The multi-polarisation of the planet is currently going through a bipolarisation phase, something we anticipated in 2009, if Europe could not reposition itself intelligently, taking clear account of the great global geopolitical reconfiguration.
Having dealt with the Middle East (without success, so far, since Iran has not yet yielded – but it’s only in November that the sanctions will be applied), Donald Trump’s United States began to make a serious effort to rebuild the transatlantic relationship it needs to secure its economic recovery and attempt to maintain its dominance in the face of China’s growing influence.
With his famous ‘trade war’, D. Trump has indeed effected this bipolarisation between two worlds, Chinese and American: on the one hand, the countries/regions reorienting their markets towards China; on the other, those who prefer closing ranks around Washington rather than losing the American market, especially when the US economy reboots.
As far as Europe is concerned, our team has never doubted that if a choice were imposed on it, it would start by returning to its old habits, rather than jumping into an Eastern adventure. It is this choice precisely into which Trump is currently forcing Europe and a new framework for the transatlantic relationship is about to emerge. In this GEAB issue, we’ll be exploring some strong features that are already apparent. We shall also analyse the political process by which Trump’s America intends to achieve its goals; a process which will be a decisive factor in the series of transformations that the EU is about to witness. Meanwhile, the 2019 European elections are still, in our opinion, a tipping point for the aforementioned developments.
A US takeover bid on Europe?
Here are three items of news that indicate a hardening of the United States’ European policy:
This kind of news confirms the scenario we articulated just after the election of D. Trump. Contrary to all the conjectures of the time on the inevitable European distance of the United States with such a president at their head, we warned of the risk of the emergence of a ‘transatlantic Union’ to replace the European Union. Given some recent developments, and with the coming European election, it is time to take stock of this anticipation.
Starting point: The New NAFTA
As everyone knows, Trump uses some negotiation techniques drawn from the ‘game theory,’ a theory that basically boils down to a ‘madman’ strategy. But what exactly is he looking for?  Mr. Trump wants to reorganise global trade in a way that better serves his country’s interests and thereby better integrates national sovereignties in general. He has discredited the major trading arenas (G7, WTO, etc) and has invited the whole planet to his table: Mexico, Canada, Europe, China … As a result of this course of action, this summer, Mexico declares to be in favour of a new NAFTA agreement, in which Canada is certainly reluctant to participate, but will undoubtedly end up agreeing to. The stumbling blocks are as follows:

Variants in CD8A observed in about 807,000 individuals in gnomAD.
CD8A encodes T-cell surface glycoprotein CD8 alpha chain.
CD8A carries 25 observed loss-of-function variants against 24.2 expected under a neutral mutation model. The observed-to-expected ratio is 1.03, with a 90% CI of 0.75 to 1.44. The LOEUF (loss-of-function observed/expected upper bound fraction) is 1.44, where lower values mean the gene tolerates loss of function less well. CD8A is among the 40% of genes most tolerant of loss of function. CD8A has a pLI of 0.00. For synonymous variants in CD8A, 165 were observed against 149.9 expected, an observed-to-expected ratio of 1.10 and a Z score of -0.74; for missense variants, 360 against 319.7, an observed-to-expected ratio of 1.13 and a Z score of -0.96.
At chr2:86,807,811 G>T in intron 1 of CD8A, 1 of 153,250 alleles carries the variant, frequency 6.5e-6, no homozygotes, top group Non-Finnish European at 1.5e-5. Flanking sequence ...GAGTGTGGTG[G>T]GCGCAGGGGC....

These clauses, the same as those that mobilised anti-CETA and anti-TTIP activists on both sides of the Atlantic, were dismissed at Trump’s request and after a swift assent by the new Mexican president. Canada, on the other hand, has announced that its lobbies will block the signing of any agreement not incorporating those clauses… Difficult to guess the compromise that Mexico, United States and Canada will find on this topic, but they will find one most certainly. And we bet that the model they’ll come up with will serve the great transatlantic agreement.
Figure 1 – Trade between the United States, Canada and Mexico. Source: Seeking Alpha.
The United States is thus already on the verge of quickly reuniting a North America whose cohesion was seriously disintegrating, especially following the recent signing of the Canada-Europe agreement, so-called CETA, which has reduced the US influence on its northern neighbour since it was adopted by the European Parliament in February 2017.
When Trump talks about a rebalancing of global trade relations in favour of the USA, we have to pay attention to him. If Europe has been able to develop its market and its infrastructure for several decades, it is also because it has had no need – or very little – to invest in its defence. Similarly, Europe’s dependence on the US financial system has also given it inexpensive access to powerful tools of international influence… The European alienation to transatlanticism, which we often denounce by the way (because it is a strategy of short-sightedness and low-income), can also be explained by the facility it provided for European economic interests. But this influence of the United States on Europe ended up costing the former, impoverishing it by the permanent bleeding of its dollars to the rest of the world – and particularly Europe. To the point that the influencing often tended to be reversed between the two shores in certain fields: Buyouts of major US companies by Europeans, preferential trade agreements between Europe and Canada, imposition of a “de facto protectionist” European regulation system and so on. Within the next transatlantic plan Trump is preparing for us, it is likely that the Europeans will no longer be able to use the United States as volunteer peacekeepers and cash machines.
Of course, this presentation of the old transatlantic relationship is something of a caricature, but it is important to understand how Europe is perceived by part of the US establishment, and why things are going to change fast.
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